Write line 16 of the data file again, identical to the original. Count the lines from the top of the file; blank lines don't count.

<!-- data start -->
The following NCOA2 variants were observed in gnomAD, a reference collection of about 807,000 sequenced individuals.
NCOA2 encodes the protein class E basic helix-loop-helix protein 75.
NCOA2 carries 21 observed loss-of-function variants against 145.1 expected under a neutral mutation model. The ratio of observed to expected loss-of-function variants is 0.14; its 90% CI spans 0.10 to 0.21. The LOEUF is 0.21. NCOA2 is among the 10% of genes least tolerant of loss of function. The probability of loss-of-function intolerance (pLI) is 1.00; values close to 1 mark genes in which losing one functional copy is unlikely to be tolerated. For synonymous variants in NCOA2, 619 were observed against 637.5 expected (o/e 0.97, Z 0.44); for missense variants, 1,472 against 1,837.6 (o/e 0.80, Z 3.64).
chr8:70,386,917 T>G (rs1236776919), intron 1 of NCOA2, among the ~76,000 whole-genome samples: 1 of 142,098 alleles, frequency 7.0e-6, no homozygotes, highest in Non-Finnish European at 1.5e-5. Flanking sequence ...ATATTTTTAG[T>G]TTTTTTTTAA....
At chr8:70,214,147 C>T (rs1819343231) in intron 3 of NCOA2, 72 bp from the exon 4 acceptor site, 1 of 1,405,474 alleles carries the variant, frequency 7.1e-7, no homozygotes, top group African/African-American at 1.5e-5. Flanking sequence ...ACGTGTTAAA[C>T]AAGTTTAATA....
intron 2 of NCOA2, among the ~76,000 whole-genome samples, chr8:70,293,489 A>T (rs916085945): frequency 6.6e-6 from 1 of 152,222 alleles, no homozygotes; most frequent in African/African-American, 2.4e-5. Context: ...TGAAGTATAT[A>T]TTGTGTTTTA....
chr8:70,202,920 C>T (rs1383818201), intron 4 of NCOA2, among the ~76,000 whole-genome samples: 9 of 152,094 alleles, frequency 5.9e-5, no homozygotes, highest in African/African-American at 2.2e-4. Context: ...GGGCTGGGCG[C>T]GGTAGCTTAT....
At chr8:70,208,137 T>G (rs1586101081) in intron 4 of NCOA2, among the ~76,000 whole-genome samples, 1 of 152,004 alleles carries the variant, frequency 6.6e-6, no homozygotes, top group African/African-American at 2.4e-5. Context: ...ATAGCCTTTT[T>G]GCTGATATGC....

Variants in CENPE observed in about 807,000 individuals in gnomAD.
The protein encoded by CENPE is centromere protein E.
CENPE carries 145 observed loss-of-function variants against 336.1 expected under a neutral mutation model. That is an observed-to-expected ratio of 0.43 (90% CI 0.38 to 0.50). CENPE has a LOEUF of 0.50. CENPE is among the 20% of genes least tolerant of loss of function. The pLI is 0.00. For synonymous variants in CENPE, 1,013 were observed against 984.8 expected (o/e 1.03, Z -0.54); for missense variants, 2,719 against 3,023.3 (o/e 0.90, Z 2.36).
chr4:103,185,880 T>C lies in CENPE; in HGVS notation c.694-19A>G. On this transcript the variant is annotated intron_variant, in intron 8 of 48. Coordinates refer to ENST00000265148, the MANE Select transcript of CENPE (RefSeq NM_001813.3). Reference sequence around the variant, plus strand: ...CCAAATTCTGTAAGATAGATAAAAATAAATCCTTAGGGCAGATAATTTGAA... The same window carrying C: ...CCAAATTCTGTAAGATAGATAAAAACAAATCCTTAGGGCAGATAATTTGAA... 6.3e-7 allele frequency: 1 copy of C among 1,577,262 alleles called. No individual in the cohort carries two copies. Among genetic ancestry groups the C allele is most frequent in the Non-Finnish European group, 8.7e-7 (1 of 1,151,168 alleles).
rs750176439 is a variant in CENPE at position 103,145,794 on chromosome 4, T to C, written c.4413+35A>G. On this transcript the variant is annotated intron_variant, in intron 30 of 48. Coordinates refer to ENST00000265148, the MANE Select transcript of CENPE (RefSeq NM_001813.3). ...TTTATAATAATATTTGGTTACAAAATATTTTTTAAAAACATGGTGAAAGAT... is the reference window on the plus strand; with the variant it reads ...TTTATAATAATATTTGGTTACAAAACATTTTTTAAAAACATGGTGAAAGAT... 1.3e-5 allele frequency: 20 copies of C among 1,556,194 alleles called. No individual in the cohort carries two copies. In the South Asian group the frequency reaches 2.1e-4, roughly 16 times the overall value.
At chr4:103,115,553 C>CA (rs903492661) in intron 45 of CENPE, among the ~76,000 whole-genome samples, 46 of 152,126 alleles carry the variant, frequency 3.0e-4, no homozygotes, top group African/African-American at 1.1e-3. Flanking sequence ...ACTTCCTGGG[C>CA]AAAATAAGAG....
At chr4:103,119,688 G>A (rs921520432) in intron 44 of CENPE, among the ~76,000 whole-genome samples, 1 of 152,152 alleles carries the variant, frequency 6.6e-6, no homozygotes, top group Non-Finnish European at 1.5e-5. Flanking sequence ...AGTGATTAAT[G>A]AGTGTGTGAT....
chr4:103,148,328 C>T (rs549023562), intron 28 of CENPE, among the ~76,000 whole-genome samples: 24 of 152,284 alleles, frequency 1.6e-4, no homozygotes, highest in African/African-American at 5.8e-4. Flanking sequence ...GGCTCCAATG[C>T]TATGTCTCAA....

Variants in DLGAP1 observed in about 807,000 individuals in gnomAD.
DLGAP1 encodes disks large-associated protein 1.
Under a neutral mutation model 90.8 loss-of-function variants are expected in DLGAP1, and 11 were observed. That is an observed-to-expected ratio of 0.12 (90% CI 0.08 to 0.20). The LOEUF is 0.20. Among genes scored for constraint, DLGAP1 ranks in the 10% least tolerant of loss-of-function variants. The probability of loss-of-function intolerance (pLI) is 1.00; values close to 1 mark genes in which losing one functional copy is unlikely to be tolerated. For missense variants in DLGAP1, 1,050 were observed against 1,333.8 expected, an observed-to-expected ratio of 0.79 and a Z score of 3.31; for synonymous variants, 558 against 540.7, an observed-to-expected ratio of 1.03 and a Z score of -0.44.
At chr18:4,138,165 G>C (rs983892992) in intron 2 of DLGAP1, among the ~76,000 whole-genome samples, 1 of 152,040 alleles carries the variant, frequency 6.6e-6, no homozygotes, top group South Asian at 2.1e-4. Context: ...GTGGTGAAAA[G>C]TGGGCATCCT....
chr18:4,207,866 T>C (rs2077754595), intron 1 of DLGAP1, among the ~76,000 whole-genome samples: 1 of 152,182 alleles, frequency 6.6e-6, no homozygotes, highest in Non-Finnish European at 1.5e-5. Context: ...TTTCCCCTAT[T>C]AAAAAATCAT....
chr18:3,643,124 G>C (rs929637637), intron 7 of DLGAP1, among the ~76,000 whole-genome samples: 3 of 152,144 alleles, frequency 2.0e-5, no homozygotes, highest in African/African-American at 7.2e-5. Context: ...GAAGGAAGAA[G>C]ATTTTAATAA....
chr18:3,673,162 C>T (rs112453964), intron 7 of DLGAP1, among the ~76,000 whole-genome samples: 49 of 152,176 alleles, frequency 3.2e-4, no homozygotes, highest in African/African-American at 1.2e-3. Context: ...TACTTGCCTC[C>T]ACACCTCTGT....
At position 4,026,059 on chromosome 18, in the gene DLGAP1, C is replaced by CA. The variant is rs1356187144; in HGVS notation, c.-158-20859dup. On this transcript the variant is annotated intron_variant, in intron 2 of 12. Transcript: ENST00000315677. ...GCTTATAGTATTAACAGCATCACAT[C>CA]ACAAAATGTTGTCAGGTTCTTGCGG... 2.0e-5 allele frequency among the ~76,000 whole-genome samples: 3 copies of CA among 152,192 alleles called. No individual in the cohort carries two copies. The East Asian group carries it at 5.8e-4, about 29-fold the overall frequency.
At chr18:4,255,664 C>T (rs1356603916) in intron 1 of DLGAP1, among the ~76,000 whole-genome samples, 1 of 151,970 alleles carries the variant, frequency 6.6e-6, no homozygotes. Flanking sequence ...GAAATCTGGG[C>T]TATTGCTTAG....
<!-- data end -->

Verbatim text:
chr4:103,148,328 C>T (rs549023562), intron 28 of CENPE, among the ~76,000 whole-genome samples: 24 of 152,284 alleles, frequency 1.6e-4, no homozygotes, highest in African/African-American at 5.8e-4. Flanking sequence ...GGCTCCAATG[C>T]TATGTCTCAA....